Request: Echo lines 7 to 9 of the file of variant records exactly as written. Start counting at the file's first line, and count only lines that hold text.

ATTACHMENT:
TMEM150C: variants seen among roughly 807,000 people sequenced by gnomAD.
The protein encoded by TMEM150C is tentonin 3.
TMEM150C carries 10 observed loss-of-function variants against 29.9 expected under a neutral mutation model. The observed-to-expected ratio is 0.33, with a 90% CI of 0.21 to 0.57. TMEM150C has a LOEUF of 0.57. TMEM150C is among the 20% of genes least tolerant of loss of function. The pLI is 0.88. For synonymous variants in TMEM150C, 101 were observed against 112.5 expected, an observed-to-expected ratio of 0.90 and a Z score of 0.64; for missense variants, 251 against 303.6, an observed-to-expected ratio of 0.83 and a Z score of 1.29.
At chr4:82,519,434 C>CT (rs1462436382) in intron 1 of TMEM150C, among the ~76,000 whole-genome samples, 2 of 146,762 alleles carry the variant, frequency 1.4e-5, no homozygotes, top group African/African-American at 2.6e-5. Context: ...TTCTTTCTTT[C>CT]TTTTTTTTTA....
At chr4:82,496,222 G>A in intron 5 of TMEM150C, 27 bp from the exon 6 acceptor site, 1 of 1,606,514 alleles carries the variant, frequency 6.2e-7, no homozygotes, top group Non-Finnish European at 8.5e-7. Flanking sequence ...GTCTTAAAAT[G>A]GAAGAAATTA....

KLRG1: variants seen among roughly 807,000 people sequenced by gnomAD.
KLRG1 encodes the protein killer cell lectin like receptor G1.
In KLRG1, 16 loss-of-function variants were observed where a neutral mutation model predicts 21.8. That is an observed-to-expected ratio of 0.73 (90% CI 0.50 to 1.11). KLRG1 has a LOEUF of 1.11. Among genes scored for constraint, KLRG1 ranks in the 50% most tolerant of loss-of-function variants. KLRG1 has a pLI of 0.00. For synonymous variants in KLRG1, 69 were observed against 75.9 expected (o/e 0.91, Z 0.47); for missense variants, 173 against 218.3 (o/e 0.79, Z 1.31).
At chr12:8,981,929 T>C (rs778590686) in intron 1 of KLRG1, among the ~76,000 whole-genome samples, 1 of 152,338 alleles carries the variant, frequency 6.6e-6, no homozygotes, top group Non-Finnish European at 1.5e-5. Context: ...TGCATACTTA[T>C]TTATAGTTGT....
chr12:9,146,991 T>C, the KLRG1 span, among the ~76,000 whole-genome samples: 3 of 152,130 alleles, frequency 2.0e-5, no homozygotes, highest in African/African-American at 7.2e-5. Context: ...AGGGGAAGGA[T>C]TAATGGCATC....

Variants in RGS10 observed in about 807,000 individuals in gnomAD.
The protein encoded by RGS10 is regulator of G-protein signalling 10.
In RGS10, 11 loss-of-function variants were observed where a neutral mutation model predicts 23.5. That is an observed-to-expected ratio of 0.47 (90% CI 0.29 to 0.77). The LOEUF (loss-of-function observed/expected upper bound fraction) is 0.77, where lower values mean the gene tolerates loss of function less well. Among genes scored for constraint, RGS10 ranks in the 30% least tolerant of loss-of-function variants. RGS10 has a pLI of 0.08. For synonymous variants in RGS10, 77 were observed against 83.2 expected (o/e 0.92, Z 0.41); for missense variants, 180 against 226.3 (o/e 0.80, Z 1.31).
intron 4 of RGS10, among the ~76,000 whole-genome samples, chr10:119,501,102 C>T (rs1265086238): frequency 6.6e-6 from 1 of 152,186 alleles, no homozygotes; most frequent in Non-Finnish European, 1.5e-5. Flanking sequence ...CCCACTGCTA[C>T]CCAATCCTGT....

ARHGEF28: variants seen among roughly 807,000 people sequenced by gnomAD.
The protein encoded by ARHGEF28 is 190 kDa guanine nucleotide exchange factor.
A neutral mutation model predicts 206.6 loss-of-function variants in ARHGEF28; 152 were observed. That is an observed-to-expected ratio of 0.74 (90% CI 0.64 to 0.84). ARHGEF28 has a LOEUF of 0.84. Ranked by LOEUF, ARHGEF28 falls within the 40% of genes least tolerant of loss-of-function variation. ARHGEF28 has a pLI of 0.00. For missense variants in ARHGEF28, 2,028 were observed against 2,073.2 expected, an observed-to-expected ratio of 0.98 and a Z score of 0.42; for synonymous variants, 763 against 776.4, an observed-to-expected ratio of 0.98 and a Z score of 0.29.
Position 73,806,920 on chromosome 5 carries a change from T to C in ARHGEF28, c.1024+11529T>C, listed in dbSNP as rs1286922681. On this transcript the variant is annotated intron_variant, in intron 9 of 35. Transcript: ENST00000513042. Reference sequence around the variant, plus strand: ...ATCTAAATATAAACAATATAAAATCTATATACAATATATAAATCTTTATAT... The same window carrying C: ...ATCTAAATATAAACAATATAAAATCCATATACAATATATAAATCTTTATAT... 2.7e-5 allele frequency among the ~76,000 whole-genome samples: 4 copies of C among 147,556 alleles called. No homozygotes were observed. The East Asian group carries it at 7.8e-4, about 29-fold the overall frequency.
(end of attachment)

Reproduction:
KLRG1 encodes the protein killer cell lectin like receptor G1.
In KLRG1, 16 loss-of-function variants were observed where a neutral mutation model predicts 21.8. That is an observed-to-expected ratio of 0.73 (90% CI 0.50 to 1.11). KLRG1 has a LOEUF of 1.11. Among genes scored for constraint, KLRG1 ranks in the 50% most tolerant of loss-of-function variants. KLRG1 has a pLI of 0.00. For synonymous variants in KLRG1, 69 were observed against 75.9 expected (o/e 0.91, Z 0.47); for missense variants, 173 against 218.3 (o/e 0.79, Z 1.31).
At chr12:8,981,929 T>C (rs778590686) in intron 1 of KLRG1, among the ~76,000 whole-genome samples, 1 of 152,338 alleles carries the variant, frequency 6.6e-6, no homozygotes, top group Non-Finnish European at 1.5e-5. Context: ...TGCATACTTA[T>C]TTATAGTTGT....